We can recognize the effects of climate change through melting ice and changing sea levels. We can see the struggles of animals whose habitat becomes uninhabitable to them due to climate change. But there are some voices that are harder to hear. Dutch biologist and "awareness artist" Thijs Biersteker has teamed up more than once with Italian scientist Stefano Mancuso to create interactive and immersive installations that translate the hard to hear voices of trees "speaking" about climate change into a language that is more easily heard and understood.
Voice of Nature
In 2018, using data from living trees, they created an installation called "The Voice of Nature." The idea of the installation was this:
“Trees and their tree rings are data capsules showing the change in climate happening over the years...we don’t have time to wait years for this data. It’s time to speed up the process to a human pace and show with data what nature is trying to tell us.”
Biersteker accomplished this by attaching different sensors to the tree and using the data-driven system developed by Stefano Mancuso, a founder in the study of plant neurobiology, which explores signaling and communication at all levels of biological organization, from genetics to molecules, cells, and ecological communities. Using real-time data coming from sensors attached to a tree, the art generates a tree ring every second from 1,600 data points, creating a real-time visualization of the conditions the tree is currently experiencing.
The rings indicate the tree’s state of well-being and the effect environmental changes are having as they occur. Trees produce records of good years and bad years, including environmental changes, disease, forest fires, droughts, and pollution levels through the thickness and shape of its tree rings. In this installation, the tree rings are electronic and appear on a giant screen behind the tree, indicating the current growth of the tree second-by-second rather than year-by-year.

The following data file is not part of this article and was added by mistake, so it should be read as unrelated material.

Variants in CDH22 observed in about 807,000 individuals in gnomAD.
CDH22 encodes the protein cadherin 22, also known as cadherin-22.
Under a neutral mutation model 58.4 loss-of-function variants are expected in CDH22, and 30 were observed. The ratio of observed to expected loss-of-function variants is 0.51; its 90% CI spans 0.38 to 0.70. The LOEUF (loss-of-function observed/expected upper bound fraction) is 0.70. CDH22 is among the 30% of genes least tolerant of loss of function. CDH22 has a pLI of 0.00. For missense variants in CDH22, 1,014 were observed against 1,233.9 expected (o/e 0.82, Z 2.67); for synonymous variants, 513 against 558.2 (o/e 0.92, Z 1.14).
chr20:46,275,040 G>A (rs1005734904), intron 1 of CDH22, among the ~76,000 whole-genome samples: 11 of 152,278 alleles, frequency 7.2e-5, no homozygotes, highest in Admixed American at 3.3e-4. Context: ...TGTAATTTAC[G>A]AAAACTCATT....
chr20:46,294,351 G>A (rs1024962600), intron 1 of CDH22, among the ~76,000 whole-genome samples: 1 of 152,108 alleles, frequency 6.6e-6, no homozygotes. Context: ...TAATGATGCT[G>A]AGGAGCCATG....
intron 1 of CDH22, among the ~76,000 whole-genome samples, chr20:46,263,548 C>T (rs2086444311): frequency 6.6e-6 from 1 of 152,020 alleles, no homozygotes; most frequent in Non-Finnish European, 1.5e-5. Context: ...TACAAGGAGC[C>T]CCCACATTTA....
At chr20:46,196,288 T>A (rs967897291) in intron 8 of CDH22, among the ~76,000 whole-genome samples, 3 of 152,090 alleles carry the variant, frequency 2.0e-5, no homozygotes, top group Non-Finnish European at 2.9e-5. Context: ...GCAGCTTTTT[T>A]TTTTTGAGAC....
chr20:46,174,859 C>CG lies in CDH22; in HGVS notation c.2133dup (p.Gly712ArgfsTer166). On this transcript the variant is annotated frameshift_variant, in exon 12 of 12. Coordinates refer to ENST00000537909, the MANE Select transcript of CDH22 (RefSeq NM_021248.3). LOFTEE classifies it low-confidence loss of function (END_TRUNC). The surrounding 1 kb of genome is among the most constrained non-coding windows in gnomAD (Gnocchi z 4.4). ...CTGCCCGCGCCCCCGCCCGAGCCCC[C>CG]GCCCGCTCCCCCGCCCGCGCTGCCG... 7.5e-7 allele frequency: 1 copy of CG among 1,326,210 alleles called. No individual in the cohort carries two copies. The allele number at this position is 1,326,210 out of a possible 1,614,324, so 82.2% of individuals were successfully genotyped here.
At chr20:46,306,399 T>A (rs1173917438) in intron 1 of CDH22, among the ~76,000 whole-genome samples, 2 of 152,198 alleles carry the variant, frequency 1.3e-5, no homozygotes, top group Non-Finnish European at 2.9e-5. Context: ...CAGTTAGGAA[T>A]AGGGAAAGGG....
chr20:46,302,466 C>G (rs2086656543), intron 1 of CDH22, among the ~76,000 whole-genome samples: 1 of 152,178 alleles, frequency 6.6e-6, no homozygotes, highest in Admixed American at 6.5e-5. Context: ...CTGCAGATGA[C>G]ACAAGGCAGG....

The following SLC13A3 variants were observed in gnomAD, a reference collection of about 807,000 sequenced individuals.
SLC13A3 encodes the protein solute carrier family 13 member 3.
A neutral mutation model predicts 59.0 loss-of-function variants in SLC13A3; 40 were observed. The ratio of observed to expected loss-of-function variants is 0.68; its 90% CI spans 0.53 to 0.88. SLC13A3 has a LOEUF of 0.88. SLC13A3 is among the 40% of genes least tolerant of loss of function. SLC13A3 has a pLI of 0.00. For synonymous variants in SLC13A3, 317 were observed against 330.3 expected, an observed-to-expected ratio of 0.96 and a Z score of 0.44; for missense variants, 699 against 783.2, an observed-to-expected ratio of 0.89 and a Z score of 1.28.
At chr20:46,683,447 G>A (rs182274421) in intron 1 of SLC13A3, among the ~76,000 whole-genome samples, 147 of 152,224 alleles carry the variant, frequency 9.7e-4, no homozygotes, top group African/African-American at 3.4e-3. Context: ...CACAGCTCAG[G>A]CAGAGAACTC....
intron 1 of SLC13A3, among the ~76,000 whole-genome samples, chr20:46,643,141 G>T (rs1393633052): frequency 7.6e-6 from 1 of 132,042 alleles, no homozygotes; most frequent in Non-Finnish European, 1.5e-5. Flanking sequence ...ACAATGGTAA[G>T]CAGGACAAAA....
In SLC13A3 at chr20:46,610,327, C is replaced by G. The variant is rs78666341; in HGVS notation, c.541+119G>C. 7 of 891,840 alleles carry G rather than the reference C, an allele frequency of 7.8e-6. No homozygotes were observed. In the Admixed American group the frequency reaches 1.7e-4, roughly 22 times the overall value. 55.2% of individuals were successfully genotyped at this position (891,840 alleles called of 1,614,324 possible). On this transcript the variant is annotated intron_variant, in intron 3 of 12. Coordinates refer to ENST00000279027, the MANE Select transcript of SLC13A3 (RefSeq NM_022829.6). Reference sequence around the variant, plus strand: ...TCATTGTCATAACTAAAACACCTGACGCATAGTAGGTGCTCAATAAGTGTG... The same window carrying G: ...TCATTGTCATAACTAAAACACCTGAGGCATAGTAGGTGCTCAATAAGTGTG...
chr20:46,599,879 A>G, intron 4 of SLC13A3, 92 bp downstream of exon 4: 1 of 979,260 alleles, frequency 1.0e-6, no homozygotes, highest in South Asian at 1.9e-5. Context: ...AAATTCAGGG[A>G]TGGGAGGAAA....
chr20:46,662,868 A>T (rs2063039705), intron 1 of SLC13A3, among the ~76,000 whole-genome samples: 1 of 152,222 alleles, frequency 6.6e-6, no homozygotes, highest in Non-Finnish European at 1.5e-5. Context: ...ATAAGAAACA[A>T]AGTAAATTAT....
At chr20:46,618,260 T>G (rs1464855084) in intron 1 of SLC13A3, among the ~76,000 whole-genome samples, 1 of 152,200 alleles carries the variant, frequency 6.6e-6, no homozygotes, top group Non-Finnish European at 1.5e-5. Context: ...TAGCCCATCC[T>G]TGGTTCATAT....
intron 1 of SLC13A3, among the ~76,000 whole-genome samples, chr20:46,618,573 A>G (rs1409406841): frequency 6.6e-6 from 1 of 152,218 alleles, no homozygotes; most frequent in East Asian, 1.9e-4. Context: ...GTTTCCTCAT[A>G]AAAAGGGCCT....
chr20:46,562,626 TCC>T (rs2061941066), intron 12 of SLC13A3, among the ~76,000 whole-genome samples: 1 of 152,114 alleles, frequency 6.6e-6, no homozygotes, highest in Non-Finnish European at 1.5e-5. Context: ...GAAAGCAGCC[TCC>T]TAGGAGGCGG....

The sensors measure things such as soil temperature, moisture levels, air quality, and CO2 levels. The effects of increased pollution or decreased light can be seen immediately on the giant screen behind the tree, "giving nature a faster voice in a time where climate change is moving faster and faster." 1 The color of the exhibit changes according to the sensor inputs; a traffic jam near the tree can cause the entire visualization to turn red due to increased CO2 levels.
Voice of Nature shows in a poetic way the large influence humanity has on the changing climate. If someone touches the tree, it affects the tree's response, either calming the image on the screen or increasing the energy levels, thereby communicating the message to spectators (and participants) that they have power to enact change.
Biersteker tells a story that demonstrates the ability of the art installation to initiate action.
“During the build-up of the installation it had not been raining for a while so we asked if someone could water the tree, but everyone was busy. Once we connected our moist level sensor to the tree and showed the data indicating the tree was thirsty, there was someone with a water hose within 15 minutes."
In 2019, again in collaboration with Stefano Mancuso, Biersteker created another installation, Symbiosia, originally part of a larger exhibit located in Paris called, Trees.